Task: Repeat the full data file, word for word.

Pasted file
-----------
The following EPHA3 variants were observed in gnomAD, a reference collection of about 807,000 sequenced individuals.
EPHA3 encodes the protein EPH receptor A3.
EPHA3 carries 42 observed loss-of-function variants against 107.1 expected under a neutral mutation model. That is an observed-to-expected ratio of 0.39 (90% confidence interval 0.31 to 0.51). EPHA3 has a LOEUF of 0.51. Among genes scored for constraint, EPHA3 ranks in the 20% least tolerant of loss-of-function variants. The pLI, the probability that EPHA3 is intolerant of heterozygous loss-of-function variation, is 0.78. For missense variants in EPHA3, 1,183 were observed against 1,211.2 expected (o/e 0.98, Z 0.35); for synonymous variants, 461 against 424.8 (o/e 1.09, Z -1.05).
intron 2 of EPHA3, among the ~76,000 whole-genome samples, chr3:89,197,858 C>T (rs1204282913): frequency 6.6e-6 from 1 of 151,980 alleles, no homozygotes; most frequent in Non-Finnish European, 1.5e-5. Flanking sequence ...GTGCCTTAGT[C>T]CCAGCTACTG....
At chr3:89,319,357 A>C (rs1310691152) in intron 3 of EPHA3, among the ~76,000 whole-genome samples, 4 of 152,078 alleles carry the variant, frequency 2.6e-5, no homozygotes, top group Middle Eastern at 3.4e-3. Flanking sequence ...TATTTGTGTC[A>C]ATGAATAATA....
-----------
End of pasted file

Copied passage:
The following EPHA3 variants were observed in gnomAD, a reference collection of about 807,000 sequenced individuals.
EPHA3 encodes the protein EPH receptor A3.
EPHA3 carries 42 observed loss-of-function variants against 107.1 expected under a neutral mutation model. That is an observed-to-expected ratio of 0.39 (90% confidence interval 0.31 to 0.51). EPHA3 has a LOEUF of 0.51. Among genes scored for constraint, EPHA3 ranks in the 20% least tolerant of loss-of-function variants. The pLI, the probability that EPHA3 is intolerant of heterozygous loss-of-function variation, is 0.78. For missense variants in EPHA3, 1,183 were observed against 1,211.2 expected (o/e 0.98, Z 0.35); for synonymous variants, 461 against 424.8 (o/e 1.09, Z -1.05).
intron 2 of EPHA3, among the ~76,000 whole-genome samples, chr3:89,197,858 C>T (rs1204282913): frequency 6.6e-6 from 1 of 151,980 alleles, no homozygotes; most frequent in Non-Finnish European, 1.5e-5. Flanking sequence ...GTGCCTTAGT[C>T]CCAGCTACTG....
At chr3:89,319,357 A>C (rs1310691152) in intron 3 of EPHA3, among the ~76,000 whole-genome samples, 4 of 152,078 alleles carry the variant, frequency 2.6e-5, no homozygotes, top group Middle Eastern at 3.4e-3. Flanking sequence ...TATTTGTGTC[A>C]ATGAATAATA....